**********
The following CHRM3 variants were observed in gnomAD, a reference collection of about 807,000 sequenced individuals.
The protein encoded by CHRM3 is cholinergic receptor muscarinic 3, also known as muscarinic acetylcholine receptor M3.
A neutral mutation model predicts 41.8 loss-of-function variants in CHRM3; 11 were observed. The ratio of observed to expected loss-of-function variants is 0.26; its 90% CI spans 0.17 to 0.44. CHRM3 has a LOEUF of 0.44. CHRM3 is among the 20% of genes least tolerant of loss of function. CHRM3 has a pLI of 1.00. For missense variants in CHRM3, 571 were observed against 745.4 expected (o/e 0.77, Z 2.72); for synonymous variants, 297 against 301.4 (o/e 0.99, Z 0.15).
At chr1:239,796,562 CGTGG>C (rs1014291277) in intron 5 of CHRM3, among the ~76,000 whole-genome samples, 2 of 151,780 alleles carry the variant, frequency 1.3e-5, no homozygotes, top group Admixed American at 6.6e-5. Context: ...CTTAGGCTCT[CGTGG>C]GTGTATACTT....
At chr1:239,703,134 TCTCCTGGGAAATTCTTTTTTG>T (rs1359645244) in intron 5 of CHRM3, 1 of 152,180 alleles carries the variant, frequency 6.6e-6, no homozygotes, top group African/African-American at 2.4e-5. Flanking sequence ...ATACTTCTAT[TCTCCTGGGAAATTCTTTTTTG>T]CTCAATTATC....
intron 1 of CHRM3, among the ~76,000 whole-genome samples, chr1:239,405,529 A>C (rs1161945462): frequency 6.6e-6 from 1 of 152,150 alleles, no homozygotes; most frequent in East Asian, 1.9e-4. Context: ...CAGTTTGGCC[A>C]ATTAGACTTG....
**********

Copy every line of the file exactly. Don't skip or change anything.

The following CHRM3 variants were observed in gnomAD, a reference collection of about 807,000 sequenced individuals.
The protein encoded by CHRM3 is cholinergic receptor muscarinic 3, also known as muscarinic acetylcholine receptor M3.
A neutral mutation model predicts 41.8 loss-of-function variants in CHRM3; 11 were observed. The ratio of observed to expected loss-of-function variants is 0.26; its 90% CI spans 0.17 to 0.44. CHRM3 has a LOEUF of 0.44. CHRM3 is among the 20% of genes least tolerant of loss of function. CHRM3 has a pLI of 1.00. For missense variants in CHRM3, 571 were observed against 745.4 expected (o/e 0.77, Z 2.72); for synonymous variants, 297 against 301.4 (o/e 0.99, Z 0.15).
At chr1:239,796,562 CGTGG>C (rs1014291277) in intron 5 of CHRM3, among the ~76,000 whole-genome samples, 2 of 151,780 alleles carry the variant, frequency 1.3e-5, no homozygotes, top group Admixed American at 6.6e-5. Context: ...CTTAGGCTCT[CGTGG>C]GTGTATACTT....
At chr1:239,703,134 TCTCCTGGGAAATTCTTTTTTG>T (rs1359645244) in intron 5 of CHRM3, 1 of 152,180 alleles carries the variant, frequency 6.6e-6, no homozygotes, top group African/African-American at 2.4e-5. Flanking sequence ...ATACTTCTAT[TCTCCTGGGAAATTCTTTTTTG>T]CTCAATTATC....
intron 1 of CHRM3, among the ~76,000 whole-genome samples, chr1:239,405,529 A>C (rs1161945462): frequency 6.6e-6 from 1 of 152,150 alleles, no homozygotes; most frequent in East Asian, 1.9e-4. Context: ...CAGTTTGGCC[A>C]ATTAGACTTG....